Replied to IUA Academic Affairs on Twitter (Twitter)

“Well done to our colleague @sharonlflynn for such a well received presentation at #EUALearnTeach on our #IUADigEd project 👏 https://t.co/3Vn7ISrEP6”

👏 congrats Sharon, looked like a fantastic venue to be spreading the #IUADigEd story in

Replied to Rob L on Twitter (Twitter)

“Thanks for all the interest in my and @suzielearning presentation at @QQI_connect #modelsofsuccess about the @DCU #IUADigEd pilot project.

Our slides are available here: https://t.co/Z9GisbVwBf”

Well done @lowneyrob & @suzielearning 👏 Great job flying the flag for the #IUADigEd project. Excellent insight into your professional development programme for enhancing digital competence among participating staff

Liked Dr Sharon Flynn on Twitter (Twitter)

“So, today we launched the EDTL #IUADigEd project website. Thanks to @VishGain for all your help. Get a preview of our first newsletter, and sign up for the #IUADigEd community. https://t.co/crREzXAqS9 @IUA_Academic”

Quoted Dr Sharon Flynn on Twitter (Twitter)

“So, today we launched the EDTL #IUADigEd project website. Thanks to @VishGain for all your help. Get a preview of our first newsletter, and sign up for the #IUADigEd community. https://t.co/crREzXAqS9 @IUA_Academic”

Colleagues @UL might be interested to learn more about the #IUADigEd project at the new project website https://edtl.blog 👈 @CTLUL @ULLibrary @UL_StudentLife @MMFitzp @angelica_tel @pmrdms @michelle_breen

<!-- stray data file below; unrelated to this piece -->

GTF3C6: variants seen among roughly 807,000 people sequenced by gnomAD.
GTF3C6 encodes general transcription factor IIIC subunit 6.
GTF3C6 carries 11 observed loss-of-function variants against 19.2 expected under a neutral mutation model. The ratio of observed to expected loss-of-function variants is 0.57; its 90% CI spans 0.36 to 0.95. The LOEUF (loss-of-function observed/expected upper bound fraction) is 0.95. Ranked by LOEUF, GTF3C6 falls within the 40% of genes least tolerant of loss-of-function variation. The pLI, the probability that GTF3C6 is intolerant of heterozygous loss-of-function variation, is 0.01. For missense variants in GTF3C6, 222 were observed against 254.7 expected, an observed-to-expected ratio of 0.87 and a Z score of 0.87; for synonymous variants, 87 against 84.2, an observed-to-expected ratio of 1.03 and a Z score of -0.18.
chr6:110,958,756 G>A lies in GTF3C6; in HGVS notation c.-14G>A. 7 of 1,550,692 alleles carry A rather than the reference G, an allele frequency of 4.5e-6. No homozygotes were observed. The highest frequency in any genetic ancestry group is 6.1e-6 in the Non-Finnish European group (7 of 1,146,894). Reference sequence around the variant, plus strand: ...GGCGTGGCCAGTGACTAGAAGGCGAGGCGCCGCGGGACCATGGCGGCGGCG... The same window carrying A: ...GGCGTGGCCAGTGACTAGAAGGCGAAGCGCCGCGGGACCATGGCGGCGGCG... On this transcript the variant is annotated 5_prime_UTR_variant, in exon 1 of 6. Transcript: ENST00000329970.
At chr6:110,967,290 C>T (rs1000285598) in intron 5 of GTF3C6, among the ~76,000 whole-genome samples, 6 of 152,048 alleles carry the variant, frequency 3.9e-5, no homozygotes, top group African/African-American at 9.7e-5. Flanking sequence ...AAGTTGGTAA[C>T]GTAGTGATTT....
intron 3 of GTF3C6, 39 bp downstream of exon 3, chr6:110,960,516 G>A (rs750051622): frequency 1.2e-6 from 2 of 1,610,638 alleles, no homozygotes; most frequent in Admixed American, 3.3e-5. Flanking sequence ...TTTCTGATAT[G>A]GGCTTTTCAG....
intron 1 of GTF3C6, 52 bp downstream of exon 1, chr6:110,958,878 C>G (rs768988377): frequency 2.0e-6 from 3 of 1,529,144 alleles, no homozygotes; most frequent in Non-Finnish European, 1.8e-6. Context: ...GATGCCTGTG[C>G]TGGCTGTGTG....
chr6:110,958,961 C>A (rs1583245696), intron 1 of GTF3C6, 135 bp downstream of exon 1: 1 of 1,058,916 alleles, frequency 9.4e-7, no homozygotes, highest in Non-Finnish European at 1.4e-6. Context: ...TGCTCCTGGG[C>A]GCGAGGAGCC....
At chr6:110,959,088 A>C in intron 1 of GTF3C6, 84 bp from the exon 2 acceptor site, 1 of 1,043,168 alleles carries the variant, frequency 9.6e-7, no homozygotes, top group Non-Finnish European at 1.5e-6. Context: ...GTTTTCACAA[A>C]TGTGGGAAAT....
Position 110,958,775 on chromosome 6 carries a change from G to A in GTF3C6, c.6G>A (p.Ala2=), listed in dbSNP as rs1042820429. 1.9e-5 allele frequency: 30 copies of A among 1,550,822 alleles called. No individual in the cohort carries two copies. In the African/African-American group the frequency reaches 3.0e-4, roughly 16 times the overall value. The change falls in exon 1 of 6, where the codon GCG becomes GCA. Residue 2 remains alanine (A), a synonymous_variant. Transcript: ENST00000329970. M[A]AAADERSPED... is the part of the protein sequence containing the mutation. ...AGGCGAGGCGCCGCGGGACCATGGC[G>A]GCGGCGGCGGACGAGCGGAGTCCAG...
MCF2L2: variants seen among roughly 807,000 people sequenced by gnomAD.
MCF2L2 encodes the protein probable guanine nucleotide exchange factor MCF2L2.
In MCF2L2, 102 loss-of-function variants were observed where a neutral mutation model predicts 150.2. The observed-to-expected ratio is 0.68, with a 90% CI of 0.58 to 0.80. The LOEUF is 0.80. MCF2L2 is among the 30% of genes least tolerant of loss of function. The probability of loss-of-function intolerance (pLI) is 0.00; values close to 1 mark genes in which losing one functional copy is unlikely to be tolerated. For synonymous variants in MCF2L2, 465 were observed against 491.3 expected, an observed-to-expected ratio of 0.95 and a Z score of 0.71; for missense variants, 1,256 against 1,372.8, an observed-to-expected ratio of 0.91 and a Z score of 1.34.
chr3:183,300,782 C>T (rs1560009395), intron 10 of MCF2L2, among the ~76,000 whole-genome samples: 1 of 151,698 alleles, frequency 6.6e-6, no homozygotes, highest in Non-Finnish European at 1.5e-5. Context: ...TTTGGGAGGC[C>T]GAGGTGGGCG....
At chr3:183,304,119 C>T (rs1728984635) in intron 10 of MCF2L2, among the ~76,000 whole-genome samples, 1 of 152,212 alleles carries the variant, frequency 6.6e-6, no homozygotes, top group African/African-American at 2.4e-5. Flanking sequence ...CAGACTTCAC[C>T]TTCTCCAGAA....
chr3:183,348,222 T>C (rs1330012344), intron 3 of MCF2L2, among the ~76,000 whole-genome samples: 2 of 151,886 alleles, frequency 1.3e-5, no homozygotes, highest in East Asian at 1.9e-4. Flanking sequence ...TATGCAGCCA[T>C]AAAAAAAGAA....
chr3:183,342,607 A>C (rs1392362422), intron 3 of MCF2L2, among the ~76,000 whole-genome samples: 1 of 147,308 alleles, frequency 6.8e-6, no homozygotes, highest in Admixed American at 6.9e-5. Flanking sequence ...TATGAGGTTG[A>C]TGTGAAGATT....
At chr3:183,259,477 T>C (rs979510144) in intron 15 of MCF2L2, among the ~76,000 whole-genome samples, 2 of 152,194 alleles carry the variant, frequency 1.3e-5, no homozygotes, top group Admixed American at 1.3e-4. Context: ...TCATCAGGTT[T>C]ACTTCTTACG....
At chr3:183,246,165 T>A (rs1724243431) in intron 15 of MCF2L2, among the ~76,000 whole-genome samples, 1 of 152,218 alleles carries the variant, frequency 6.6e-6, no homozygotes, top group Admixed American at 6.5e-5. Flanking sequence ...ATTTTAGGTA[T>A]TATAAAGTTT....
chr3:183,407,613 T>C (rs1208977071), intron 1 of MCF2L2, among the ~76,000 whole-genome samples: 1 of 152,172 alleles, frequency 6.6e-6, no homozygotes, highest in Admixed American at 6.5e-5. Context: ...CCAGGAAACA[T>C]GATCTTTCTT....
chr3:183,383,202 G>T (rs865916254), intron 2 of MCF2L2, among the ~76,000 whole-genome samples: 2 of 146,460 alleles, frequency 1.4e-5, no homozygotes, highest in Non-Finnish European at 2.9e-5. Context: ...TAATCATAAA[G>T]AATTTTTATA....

Bookmarked Check, Please! Starter Course by Daniel LyndsDaniel Lynds

In this course, we show you how to fact and source-check in five easy lessons, taking about 30 minutes apiece. The entire online curriculum is two and a half to three hours and is suitable homework for the first week of a college-level module on disinformation or online information literacy, or the first few weeks of a course if assigned with other discipline-focused homework.

Once students have completed the starter course they can move on to any number of additional topical modules we will be rolling out. The topical modules go into more depth on skills, and explore specific social issues around information pollution.

Each lesson has multiple pages and activities. After clicking through to each lesson, you can use the list of links at the bottom of the first page to navigate, or just click through using the “Next up:” link under the main text.

This looks like a fantastic resource, must take time to check it out fully. Daniel hat tips to Mike Caulfield.

Bookmarked The OLM Mixer (uimagine – Charles Sturt University, Australia)

Getting the Balance Right: Applying the Online Learning Model to Teaching Practice

Teaching, like composing music, is as much art as science. There are many elements to balance and discord occurs if any one of the elements is in the wrong relationship to another. Technology has introduced a range of new possibilities to the teaching space but in doing so it introduces further opportunities for potential dissonance. There is no magic formula for creating fabulous music, or fabulous learning experiences, but there are principles that we know will work and combinations of elements that form pleasing patterns which we can repeat.